Mysterious Skin: Review – Village Voice

Posted on 16. Jul, 2010 by in Mysterious Skin: Press, Press

The Village Voice
The Lost Boys
Skin and boners: Araki eschews pedophilia chic to shatter myths of youthful innocence
Dennis Lim

In Todd Solondz’s current Palindromes, the heroine claims to believe in the innocence of an accused child molester because, as she literal-mindedly puts it, “pedophiles love children.” Mysterious Skin, the new film by Gregg Araki, a fellow indie flamethrower and the designated bad boy of New Queer Cinema’s ’90s big bang, imagines a situation in which the opposite could conceivably be true: Is it possible for a child to “love” a pedophile? Not by any reasonable definition of love. But in daring to contemplate the unthinkable, Mysterious Skin proves that it’s possible to talk about pedophilia— indeed, to condemn it—without resorting to the histrionics of Fox News amber alerts, and furthermore to acknowledge children as sexual beings without echoing the rhetoric of NAMBLA literature. With remarkable directness and composure, it shatters the myth of childhood innocence and the deathless taboo of prepubescent sexuality.

Pedophilia has become the favorite party trick of the American indie— movies from Happiness to L.I.E. to The Woodsman are on some level predicated on a discomfiting, almost stunt-like empathy for the ostensible monster. But instead of humanizing the perpetrator, Araki humanizes the victims—or more precisely, complicates them. In so doing, he subtly erodes the monolithic, panic-based notion of pedophilia. His interest lies in the subjective experience of the abused—the radically dissimilar ways in which trauma can be transmitted and remembered.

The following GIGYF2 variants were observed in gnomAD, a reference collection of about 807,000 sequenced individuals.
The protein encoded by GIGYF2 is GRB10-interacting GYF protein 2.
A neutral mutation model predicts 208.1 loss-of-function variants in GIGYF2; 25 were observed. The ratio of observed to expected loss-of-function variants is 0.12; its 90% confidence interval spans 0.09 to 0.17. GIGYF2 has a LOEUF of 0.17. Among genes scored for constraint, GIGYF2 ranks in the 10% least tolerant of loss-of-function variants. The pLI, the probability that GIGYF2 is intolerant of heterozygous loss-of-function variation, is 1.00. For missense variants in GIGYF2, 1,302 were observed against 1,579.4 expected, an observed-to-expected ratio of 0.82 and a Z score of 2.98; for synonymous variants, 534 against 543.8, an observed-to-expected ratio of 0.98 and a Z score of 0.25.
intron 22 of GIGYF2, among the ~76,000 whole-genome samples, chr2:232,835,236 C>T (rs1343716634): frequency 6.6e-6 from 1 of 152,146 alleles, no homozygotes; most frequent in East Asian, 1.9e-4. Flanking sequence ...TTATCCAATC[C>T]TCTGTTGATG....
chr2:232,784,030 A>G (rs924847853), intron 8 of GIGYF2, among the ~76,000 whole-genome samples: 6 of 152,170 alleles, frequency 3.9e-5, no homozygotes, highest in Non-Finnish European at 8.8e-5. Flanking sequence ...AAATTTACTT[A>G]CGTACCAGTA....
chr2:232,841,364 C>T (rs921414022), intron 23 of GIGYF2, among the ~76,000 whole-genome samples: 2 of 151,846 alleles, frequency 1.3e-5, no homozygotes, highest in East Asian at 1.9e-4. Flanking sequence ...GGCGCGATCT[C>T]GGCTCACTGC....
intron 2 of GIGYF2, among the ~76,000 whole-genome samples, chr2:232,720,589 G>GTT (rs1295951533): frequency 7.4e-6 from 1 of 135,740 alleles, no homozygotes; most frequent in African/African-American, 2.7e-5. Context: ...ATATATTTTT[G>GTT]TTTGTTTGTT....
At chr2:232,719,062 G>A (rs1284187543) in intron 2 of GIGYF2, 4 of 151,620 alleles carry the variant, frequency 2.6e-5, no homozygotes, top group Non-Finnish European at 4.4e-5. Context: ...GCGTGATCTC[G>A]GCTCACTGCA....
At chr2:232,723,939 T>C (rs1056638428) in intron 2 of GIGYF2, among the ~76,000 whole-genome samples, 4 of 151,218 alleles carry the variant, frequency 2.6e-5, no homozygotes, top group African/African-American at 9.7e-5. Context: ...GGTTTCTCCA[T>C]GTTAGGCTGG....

Based on a 1995 novel by Scott Heim, Mysterious Skin crosscuts between two boys in ’80s small-town Kansas, essentially strangers but united by a defining moment only one of them recalls. At age eight, Brian blacks out after a baseball game, and those five hours of unconsciousness increasingly haunt him as he grows into a gawky teen plagued by nosebleeds and nightmares about alien abductions. In stark contrast, Neil, the star of that same Little League team, has a sexual curiosity well beyond his years. His baseball coach (Bill Sage), a bronzed, mustached specimen, exerts the same woozy spell on him as his mom’s Playgirls, and the older man, sensing Neil’s inchoate attraction, does not hesitate to take advantage—a courtship over Atari and soda pop climaxes in a queasy seduction by cereal variety pack.

Long before Brian (played as a teen by Brady Corbet), the viewer understands that the lost time he attributes to a visiting UFO was a close encounter of an altogether different kind. Mysterious Skin keeps the boys suspended in divergent orbits, pulled along by their respective dysfunctions. The apparently straight Brian is something of an asexual puppy—as becomes painfully clear when he fends off the advances of a local paranormal enthusiast (a lonely kook played by the excellent Mary Lynn Rajskub). Meanwhile, the aggressively carnal Neil (Joseph GordonLevitt) takes up hustling—first in the desolate parks of his hick town, and then on the somewhat meaner streets of AIDS-scarred New York, all the while pursuing (and often enjoying) sex with considerably older men. His psychological profile is not exactly novel, but given the stunted societal discourse surrounding kids and sex, it still comes as a shock to realize that for Neil, the man who once abused him remains the first love he can’t get over.